I tentatively turned my back on the sun-kissed shores of Hikkaduwa to visit Kandy which is located inland in the centre of Sri Lanka.
Kandy initially shocked me with it’s beauty. As my tuk tuk from the train station chugged up the hillside I was rewarded with stunning views of a city nestled among the mountainous jungle. The views were literally breathtaking and I was keen to snap some shots of the fiery sunset as soon as I had placed my backpack back in the hostel.
I met an English guy in the hostel and we decided to explore the city of Sri Lanka together. After walking what seemed like miles in the low morning sun we finally made it to the town centre. To be honest I was a little disappointed when we found the town. It was gridlocked with traffic and the smell of traffic fumes burnt my nostrils. As we approached the centre of the town and the vast lake my opinion quickly changed.
You can clearly see the effects of colonisation in Kandy. English style churches and Dutch and Portuguese architecture sit happily next to sprawling temples. It feels very European in some parts which actually made me feel home sick.
At the centre of the city lies a vast lake. This lake was built by the British and I had a peculiar bout of deja-vu. I really felt like I was in England (Despite the blistering sun, we don’t see much of that in England!) which was quite a peculiar feeling. Nevertheless the lake was absolutely beautiful.
Like any other city Kandy has a fair portion of people trying to ‘rip you off’ or people offering tuk tuk tours for an extremely inflated price. The English guy that I was with decided that we should follow a guy to buy tickets for traditional Kandy dancing. I warned him that it will be a rip off but he had still not got used to the charming nature of Sri Lankan’s. When we got there we had to wait for ages and were offered an extremely high price for the tickets. We walked off (with a smile) and told the guy that we would think about it. In my mind at least the guy got a small financial reward because we followed him to the ‘ticket office’. We went to watch the traditional dancing on a different day, it really was a spectacular sight but the hall was full of tourists. I loved seeing the normally shy Sri Lankan women dance in their colourful saris with wide smiles on their faces.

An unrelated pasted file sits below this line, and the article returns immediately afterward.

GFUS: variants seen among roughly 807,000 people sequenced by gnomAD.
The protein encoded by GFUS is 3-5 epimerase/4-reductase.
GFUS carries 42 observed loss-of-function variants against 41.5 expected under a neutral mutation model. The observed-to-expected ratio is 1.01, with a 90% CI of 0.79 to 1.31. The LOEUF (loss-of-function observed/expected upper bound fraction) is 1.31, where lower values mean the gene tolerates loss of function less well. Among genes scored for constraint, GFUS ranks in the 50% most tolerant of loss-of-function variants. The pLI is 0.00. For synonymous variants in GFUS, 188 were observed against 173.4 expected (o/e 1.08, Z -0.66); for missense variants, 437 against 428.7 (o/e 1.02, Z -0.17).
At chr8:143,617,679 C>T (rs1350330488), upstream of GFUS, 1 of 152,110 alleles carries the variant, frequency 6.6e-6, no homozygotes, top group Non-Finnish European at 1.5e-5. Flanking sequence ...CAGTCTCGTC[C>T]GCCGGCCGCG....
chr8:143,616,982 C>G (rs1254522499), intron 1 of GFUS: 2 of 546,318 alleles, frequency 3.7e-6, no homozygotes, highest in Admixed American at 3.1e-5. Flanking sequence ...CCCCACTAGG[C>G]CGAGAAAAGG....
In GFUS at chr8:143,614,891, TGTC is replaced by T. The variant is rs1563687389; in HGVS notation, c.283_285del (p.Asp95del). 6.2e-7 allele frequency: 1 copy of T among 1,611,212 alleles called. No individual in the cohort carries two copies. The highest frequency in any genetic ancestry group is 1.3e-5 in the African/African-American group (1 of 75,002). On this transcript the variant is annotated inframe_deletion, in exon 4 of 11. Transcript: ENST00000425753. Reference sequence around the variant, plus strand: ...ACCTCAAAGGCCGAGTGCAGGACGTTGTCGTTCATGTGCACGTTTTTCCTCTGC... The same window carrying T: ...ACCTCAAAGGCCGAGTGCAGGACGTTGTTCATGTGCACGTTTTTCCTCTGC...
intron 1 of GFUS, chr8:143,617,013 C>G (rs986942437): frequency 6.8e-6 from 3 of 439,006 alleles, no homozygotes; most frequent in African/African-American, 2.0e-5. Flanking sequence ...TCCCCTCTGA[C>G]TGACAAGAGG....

A wood carving workshop
Washing an Elephant at Millennium Elephant sanctuary
- Kandy is home to many tourist attractions. One of the most impressive and interesting was the colonial graveyard behind the Temple of the tooth. This held the graves of all of the (Mainly British) settlers in Kandy. The graves were quite amusing to read and very honest. One poor chap died from Diarrhea!
- The Temple of the Tooth is the main temple in Kandy. It’s a place of pilgrimage and worship for many Buddhists and is said to hold the actual tooth of Buddah himself!
- Traditional Sri Lankan dancing is found everywhere in Kandy. I found the act to be very entertaining but the dance hall was full of tourists and no Sri Lankan’s.
- Saint Paul’s church is found right next to the temple of the tooth and is a brilliant example of Sri Lanka’s tolerant ways towards other religions. It’s very traditionally Anglican, just like you would find in the UK!
- Rent a tuk tuk and just outside of Kandy you can find various Elephant sanctuaries, herb gardens, traditional wood carving workshops and factories where tea is processed.
- Kandy is such a surprising city, unlike anywhere else that I visited in Sri Lanka. It’s a lot cooler than the coast too which makes a refreshing change!
- Have you ever been to Kandy? If not would you ever like to visit? Do you prefer to visit beach resorts or inland destnations on your travels?